Back in Anaheim, full fitness was eluding Lupul, as back problems slowed him down to the point where surgery became medically advised. Recovery should have concluded after a few weeks, but it was almost an entire year before he returned to the ice.
A second surgery, and an infection which caused him to take intravenous antibiotics, prolonged his body’s almost helpless state.
When he finally did suit up for the Ducks, he wasn’t seeing as much shifts as he had in his first stint in Anaheim. Ryan Getzlaf, Corey Perry and Bobby Ryan were the young guns, while Teemu Selanne, Saku Koivu and Jason Blake comprised a second line of wily veterans. That placed Lupul on the third line mostly, something he was unaccustomed to.
Toronto’s management staff is well-known for the brutal decisions it has formulated since the lock-out. The Jeff Finger fiasco, with the subsequent headlines that articulated it, is at the fore, as is the ludicrous Andrew Raycroft try-out.
But Brian Burke, now the general manager of the Maple Leafs, deserves a round of applause for getting rid of Francois Beauchemin and acquiring Lupul, whom he dealt for Pronger in 2006, prospect Jake Gardiner and a conditional draft pick.
Gambling on Lupul’s health, Burke’s gut feeling was that it was a calculated risk worthy of the criticism that awaited him if it proved to fail.
“There’s a human element in all of this. You bet on people every time you make a trade. That’s the bet. If this were just buying cars or buying livestock, it would be a lot easier, but we’re betting on human beings. But I bet on Joffrey Lupul because of his character and his skill level, and I believe he thinks he has something to prove.”
And prove it he did, in Toronto, where players can easily be overwhelmed by media frenzies and the pressure to perform because of the never-ending spotlight the club is beneath.
Lupul’s first full season with the Maple Leafs was a dream come true for himself and the organization. At full health and in better shape, the former first-round pick fended off defenders, fought for loose pucks and didn’t let his past injuries keep him away from the crease or boards.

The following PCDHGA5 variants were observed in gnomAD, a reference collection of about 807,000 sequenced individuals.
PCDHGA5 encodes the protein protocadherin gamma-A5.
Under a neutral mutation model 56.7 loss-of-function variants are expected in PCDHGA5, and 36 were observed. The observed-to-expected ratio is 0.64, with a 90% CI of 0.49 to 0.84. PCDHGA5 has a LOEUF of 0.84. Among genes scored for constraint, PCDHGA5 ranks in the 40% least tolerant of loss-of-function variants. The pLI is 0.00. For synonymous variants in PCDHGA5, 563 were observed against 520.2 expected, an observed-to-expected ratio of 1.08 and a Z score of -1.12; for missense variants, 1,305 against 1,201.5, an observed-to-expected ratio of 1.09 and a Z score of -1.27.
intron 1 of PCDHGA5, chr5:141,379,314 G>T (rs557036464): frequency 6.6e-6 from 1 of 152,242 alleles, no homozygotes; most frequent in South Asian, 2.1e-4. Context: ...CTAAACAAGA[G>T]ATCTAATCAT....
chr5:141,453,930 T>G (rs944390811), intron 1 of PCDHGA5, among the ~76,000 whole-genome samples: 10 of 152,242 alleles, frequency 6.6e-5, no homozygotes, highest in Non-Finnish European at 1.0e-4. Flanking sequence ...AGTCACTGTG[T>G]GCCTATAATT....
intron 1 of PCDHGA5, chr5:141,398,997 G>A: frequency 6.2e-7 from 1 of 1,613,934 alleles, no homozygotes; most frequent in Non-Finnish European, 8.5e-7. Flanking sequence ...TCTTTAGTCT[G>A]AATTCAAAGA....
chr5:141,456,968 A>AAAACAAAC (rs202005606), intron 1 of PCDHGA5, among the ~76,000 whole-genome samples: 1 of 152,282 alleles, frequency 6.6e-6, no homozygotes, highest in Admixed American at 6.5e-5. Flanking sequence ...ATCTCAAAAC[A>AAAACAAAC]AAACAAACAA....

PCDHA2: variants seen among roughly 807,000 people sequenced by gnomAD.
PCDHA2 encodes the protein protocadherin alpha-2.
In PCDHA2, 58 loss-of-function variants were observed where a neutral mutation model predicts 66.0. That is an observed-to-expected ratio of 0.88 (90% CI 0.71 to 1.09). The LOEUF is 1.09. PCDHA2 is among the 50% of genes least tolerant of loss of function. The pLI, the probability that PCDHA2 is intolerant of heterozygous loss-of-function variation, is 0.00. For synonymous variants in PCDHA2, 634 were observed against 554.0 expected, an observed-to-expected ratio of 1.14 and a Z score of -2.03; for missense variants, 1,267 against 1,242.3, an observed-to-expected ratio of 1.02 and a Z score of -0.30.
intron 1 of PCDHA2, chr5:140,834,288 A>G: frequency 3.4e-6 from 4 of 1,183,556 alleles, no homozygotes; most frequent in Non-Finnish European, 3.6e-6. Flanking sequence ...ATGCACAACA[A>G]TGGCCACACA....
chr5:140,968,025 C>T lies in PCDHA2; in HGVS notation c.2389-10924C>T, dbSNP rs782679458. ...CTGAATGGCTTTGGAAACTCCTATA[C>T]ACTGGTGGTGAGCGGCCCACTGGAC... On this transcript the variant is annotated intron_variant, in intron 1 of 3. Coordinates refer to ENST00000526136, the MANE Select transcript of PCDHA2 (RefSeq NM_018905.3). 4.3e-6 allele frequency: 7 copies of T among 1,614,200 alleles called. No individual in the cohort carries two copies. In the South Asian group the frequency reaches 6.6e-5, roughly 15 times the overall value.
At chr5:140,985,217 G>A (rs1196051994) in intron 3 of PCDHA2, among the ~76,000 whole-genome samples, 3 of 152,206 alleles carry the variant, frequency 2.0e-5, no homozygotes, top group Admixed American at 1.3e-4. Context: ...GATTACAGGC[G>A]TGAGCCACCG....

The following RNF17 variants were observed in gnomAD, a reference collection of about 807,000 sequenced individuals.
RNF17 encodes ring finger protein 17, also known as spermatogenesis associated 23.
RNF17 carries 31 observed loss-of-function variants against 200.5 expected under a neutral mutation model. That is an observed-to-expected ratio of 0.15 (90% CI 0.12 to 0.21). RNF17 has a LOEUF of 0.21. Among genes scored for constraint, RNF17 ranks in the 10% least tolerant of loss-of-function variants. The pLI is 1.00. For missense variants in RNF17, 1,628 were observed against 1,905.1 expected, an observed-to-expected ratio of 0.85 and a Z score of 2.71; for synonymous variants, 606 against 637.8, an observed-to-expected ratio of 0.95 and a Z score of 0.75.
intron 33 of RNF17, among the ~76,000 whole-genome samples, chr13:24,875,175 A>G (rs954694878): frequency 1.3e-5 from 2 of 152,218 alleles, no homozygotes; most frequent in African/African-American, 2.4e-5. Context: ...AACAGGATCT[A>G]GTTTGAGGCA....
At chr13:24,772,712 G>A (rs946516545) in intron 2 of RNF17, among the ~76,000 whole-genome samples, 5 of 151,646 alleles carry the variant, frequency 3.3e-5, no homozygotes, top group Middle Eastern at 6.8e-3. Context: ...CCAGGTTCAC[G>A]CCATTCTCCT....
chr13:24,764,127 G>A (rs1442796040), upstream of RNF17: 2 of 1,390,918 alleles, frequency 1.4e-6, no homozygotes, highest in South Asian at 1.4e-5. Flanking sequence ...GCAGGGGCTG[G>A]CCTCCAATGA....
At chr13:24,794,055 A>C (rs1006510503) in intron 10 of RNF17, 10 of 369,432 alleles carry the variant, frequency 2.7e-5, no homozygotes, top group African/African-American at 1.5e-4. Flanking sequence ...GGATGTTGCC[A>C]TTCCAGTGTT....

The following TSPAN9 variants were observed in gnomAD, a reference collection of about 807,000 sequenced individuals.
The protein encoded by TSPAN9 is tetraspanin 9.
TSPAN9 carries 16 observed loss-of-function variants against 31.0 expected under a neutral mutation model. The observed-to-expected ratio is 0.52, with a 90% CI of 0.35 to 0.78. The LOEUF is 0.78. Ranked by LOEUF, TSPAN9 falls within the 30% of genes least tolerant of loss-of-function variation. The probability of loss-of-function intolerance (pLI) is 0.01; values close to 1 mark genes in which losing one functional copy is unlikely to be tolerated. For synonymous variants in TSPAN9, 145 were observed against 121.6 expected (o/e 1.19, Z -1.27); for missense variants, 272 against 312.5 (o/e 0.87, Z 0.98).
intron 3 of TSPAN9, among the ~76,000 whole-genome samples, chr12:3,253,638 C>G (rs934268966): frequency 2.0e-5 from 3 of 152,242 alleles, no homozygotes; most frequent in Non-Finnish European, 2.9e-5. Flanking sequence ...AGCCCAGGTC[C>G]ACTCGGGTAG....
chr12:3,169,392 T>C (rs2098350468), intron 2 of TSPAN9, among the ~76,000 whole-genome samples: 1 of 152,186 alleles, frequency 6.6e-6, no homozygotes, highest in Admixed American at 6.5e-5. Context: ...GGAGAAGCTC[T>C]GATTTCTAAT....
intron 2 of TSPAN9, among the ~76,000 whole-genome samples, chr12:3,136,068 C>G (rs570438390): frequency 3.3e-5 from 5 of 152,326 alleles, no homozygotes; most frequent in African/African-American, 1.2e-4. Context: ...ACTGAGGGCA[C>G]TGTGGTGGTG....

Centered by Tim Connolly or Tyler Bozak, Lupul and Phil Kessel combined to become a formidable one-two punch.
Where he might have disappeared for stretches previously, the forceful winger hardly went on a cold streak this season.
Elected to be an alternate captain in the All-Star Game and picked as Toronto’s nominee for the Bill Masterton Memorial Trophy, the year was almost perfect until a separated shoulder doomed him and, really, the Maple Leafs.
Still, in just 66 games, he is the first player not named Mats Sundin to record more than a point per game with Toronto in nearly a decade. Alexander Mogilny, in 2003, was the last person to pull it off.
For key portions of his career, Lupul was a victim of circumstance and things looked bleak when he moved to Toronto. He was coming off a serious injury, dealing with a shortage of playing time—by his standards—and the fourth trade of his career.
Failure was maybe expected because of the scenario.
Front office and injury matters are unquestionably out of his hands, but Lupul showed that he’s capable of controlling his destiny in terms of performing.
Twice, he was deemed expendable by strong clubs and lost valuable postseason experience as a result.
Those organizations had the depth to cope with his absence, whereas the Maple Leafs, having missed the playoffs every year since 2004, may not be able to get back in without him.
That says an awful lot about someone who has represented the Original Six club for a mere 94 games.